Big Wind Turbines Require Infrastructure Upgrades

Big Wind Turbines Require Infrastructure Upgrades

National Wind Technology Center now home to three multi-megawatt wind turbines.

Alstom wind turbine dedication at the National Wind Technology Center Enlarge image

At the April 26 dedication ceremony, Alstom's Eco 100 wind turbine rose above the short-grass prairie at the National Wind Technology Center near Boulder, Colo.

Understanding the system requirements and technical issues associated with operating utility-scale turbines is critical to NREL's interactions with the power industry as renewable wind power source applications grow rapidly. To that end, NREL has been completing electrical infrastructure upgrades to accommodate utility-scale wind turbines at the National Wind Technology Center (NWTC).

At one time, the NWTC was able to handle up to 7 megawatts (MW) of wind power, but the installation of NREL's first megawatt-scale turbine in the fall of 2009 necessitated infrastructure upgrades. Now the NWTC's electrical infrastructure can handle 10 MW, and three multi-megawatt turbines have been installed: the U.S. Department of Energy's (DOE)/General Electric's 1.5-MW turbine, Siemens 2.3-MW turbine, and Alstom 3-MW turbine.

NWTC Row 4 Infrastructure Upgrade Project

The megawatt-scale turbines reside in Row 4 at the NWTC, the eastern-most row on site. Interconnecting these large turbines required major electrical infrastructure upgrades, including road upgrades, installation of medium-voltage power for turbines, low-voltage power for data sheds, two new meteorology tower operations, telecommunication fiber optic cables, interconnection with grounding transformers and grounding reactors, and upgrades to utility interconnection switchgear. The last stage was interconnecting the Alstom 3-MW turbine to the main line along Row 4. Xcel installed a new circuit recloser—a self-contained device that automatically closes a breaker after it has been opened due to an electrical fault—on the distribution line serving the NWTC, providing improved circuit protection. This upgrade was needed to accommodate the addition of the new 3-MW Alstom wind turbine. Once the Alstom turbine is online, the aggregate generation capacity of the NWTC will be an impressive 9.2 MW (including 1 MW of photovoltaics). The project upgrades went so well, they won a Gold Hard Hat Award for Outstanding Industrial Project in October 2010 from McGraw-Hill Construction.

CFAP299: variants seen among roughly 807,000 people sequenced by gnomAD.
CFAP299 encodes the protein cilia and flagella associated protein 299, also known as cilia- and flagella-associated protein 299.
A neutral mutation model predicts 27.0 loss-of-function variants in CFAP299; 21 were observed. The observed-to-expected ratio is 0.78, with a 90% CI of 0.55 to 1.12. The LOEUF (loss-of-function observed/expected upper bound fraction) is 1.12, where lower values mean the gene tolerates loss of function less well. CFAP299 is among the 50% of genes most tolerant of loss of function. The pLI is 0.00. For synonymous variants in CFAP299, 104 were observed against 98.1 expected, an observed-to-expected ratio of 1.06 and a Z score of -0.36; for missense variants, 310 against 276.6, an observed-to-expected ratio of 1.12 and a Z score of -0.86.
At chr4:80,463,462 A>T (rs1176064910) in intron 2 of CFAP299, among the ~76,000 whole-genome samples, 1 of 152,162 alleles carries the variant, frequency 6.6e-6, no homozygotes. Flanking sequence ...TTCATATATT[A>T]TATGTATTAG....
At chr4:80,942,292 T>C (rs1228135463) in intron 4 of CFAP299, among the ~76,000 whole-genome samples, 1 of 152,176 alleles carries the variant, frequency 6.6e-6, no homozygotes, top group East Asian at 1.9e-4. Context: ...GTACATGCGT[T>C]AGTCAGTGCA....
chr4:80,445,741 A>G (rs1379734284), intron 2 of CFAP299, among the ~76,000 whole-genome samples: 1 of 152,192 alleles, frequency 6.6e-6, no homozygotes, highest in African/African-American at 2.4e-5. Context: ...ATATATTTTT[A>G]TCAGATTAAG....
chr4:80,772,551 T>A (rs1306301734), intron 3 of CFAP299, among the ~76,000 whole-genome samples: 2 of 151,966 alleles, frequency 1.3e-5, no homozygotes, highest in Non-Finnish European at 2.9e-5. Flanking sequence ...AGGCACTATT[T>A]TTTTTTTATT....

Interconnection and Power Purchase Agreement

DOE's Golden Field Office has an Interconnection Agreement for the NWTC with the local utility, Xcel Energy. This agreement, signed on December 20, 2010, is the culmination of nearly three years of negotiations with Xcel as well as an American Recovery and Reinvestment Act-funded design and construction project at the NWTC. December 20, 2010, also became the NWTC's "Initial Energy Delivery Date," the date DOE was eligible to receive credit for energy exported under a Power Purchase Agreement (PPA). The DOE wind energy "generating facility" currently has a capacity of 2.9 MW; the energy credit is $44.96/MWh. The Siemens 2.3-MW and Alstom 3-MW wind turbines are owned by these cooperative research and development agreement partners and are covered by other PPAs between those partners and Xcel.

The Bottom Line

The NWTC is home to the largest dedicated research and development fleet of utility-scale wind turbines being used for technical and operational analyses, enabling NREL to operate a realistic environment for research and analysis of renewable energy grid integration.

Learn more about NREL's wind research facilities.

Photo credit: Dennis Schroeder

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